Processes for Light Alkane Cracking to Olefins
The present work is focused on the synthesis of small-scale (modular processes) to produce olefins from light alkane resources in shale gas.
Olefins, which are widely used to produce important chemicals and everyday consumer products, can be produced from light alkanes - ethane, propane, butanes etc. Shale gas is comprised of light alkanes in significant proportion; and is available in abundance. Meanwhile, shale gas wells are small sized in nature and are distributed over many different areas or regions. In this regard, using shale gas as raw material for olefin production would require expensive transportation infrastructure to move the gas from the wells or local gas gathering stations to large central processing facilities. This is because existing technologies for natural gas conversions are particularly suited for large-scale processing. One possible way to take advantage of the abundance of shale resource for olefins production is to place small-sized or modular processing plants at the well sites or local gas gathering stations.
In this work, new process concepts are synthesized and studied towards developing simple technologies for on-site and modular processing of light alkane resources in shale gas for olefin production. Replacing steam with methane as diluent in conventional thermal cracking processes is proposed to eliminate front-end separation of methane from the shale gas processing scheme. Results from modeling studies showed that this is a promising approach. To eliminate the huge firebox volume associated with thermal cracking furnaces and allow for a compact cracking reactor system, the use of electricity to supply heat to the cracking reactor is considered. Synthesis efforts led to the development of two electrically powered reactor configurations that have improved energy efficiency and reduced carbon footprints over and compare to conventional thermal cracking furnace configurations.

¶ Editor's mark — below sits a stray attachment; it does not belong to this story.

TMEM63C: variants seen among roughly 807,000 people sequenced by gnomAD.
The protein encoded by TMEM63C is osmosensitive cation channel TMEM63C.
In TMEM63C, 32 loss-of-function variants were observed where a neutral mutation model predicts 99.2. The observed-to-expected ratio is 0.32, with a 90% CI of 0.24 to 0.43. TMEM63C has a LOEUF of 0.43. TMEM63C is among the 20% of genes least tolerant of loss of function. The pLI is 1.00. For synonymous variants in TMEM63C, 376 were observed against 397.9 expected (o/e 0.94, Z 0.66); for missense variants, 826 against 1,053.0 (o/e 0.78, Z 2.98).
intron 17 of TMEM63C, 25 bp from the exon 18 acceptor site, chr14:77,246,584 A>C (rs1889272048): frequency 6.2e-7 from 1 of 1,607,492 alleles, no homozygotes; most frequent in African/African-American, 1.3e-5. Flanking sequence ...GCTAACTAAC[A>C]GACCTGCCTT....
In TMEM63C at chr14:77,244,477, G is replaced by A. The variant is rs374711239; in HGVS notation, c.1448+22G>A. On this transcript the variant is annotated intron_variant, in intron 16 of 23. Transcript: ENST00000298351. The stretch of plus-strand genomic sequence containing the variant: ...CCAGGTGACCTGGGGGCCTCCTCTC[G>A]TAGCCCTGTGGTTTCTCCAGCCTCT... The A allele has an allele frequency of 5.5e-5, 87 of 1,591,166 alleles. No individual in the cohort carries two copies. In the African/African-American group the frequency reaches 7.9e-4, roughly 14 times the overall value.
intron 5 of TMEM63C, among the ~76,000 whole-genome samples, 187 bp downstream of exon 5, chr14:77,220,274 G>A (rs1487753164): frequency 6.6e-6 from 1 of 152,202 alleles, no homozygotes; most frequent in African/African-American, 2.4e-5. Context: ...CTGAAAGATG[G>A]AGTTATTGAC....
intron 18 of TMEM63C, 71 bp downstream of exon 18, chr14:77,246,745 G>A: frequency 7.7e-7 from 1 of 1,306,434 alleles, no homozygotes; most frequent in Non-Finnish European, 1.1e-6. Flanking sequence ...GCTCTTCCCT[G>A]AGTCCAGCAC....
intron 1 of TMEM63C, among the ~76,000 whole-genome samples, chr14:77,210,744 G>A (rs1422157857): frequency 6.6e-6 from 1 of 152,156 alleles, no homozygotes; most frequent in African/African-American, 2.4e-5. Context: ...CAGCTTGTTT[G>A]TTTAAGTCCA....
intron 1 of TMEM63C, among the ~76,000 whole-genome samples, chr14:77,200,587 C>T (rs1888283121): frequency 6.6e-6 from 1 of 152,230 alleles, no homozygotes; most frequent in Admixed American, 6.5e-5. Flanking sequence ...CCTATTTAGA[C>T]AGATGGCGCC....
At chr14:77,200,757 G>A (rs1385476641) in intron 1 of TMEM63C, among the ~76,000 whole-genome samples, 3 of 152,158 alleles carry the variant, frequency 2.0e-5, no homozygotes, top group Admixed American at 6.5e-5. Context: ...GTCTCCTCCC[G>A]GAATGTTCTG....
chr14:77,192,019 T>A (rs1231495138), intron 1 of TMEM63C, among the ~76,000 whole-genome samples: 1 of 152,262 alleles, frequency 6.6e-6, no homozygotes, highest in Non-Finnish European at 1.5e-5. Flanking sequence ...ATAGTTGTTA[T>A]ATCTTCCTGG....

The ideas and results in the present work are radical in nature and could lead to a transformation in the utilization of light alkanes, natural gas and shale resources for the commercial production of fuels and chemicals.
- Master of Science in Chemical Engineering
- Chemical Engineering
- West Lafayette